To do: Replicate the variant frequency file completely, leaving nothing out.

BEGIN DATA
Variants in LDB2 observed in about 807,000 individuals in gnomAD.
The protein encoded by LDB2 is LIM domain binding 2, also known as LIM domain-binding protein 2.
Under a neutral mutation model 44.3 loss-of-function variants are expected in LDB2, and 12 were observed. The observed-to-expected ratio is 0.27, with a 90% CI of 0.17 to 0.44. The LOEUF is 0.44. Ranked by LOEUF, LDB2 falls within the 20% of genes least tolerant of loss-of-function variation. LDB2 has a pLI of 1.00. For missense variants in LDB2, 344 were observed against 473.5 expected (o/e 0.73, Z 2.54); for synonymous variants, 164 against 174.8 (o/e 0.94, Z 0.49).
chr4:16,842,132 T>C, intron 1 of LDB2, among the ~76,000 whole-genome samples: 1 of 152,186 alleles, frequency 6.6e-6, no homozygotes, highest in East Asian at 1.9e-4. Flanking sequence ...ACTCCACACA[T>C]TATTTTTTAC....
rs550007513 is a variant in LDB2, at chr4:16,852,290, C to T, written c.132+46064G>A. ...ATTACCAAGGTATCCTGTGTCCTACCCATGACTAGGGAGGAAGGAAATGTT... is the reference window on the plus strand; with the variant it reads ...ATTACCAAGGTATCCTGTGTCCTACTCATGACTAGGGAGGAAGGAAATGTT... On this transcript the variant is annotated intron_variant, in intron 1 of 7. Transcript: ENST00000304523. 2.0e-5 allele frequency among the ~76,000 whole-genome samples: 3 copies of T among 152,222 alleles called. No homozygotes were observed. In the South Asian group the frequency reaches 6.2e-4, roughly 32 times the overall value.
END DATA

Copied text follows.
Variants in LDB2 observed in about 807,000 individuals in gnomAD.
The protein encoded by LDB2 is LIM domain binding 2, also known as LIM domain-binding protein 2.
Under a neutral mutation model 44.3 loss-of-function variants are expected in LDB2, and 12 were observed. The observed-to-expected ratio is 0.27, with a 90% CI of 0.17 to 0.44. The LOEUF is 0.44. Ranked by LOEUF, LDB2 falls within the 20% of genes least tolerant of loss-of-function variation. LDB2 has a pLI of 1.00. For missense variants in LDB2, 344 were observed against 473.5 expected (o/e 0.73, Z 2.54); for synonymous variants, 164 against 174.8 (o/e 0.94, Z 0.49).
chr4:16,842,132 T>C, intron 1 of LDB2, among the ~76,000 whole-genome samples: 1 of 152,186 alleles, frequency 6.6e-6, no homozygotes, highest in East Asian at 1.9e-4. Flanking sequence ...ACTCCACACA[T>C]TATTTTTTAC....
rs550007513 is a variant in LDB2, at chr4:16,852,290, C to T, written c.132+46064G>A. ...ATTACCAAGGTATCCTGTGTCCTACCCATGACTAGGGAGGAAGGAAATGTT... is the reference window on the plus strand; with the variant it reads ...ATTACCAAGGTATCCTGTGTCCTACTCATGACTAGGGAGGAAGGAAATGTT... On this transcript the variant is annotated intron_variant, in intron 1 of 7. Transcript: ENST00000304523. 2.0e-5 allele frequency among the ~76,000 whole-genome samples: 3 copies of T among 152,222 alleles called. No homozygotes were observed. In the South Asian group the frequency reaches 6.2e-4, roughly 32 times the overall value.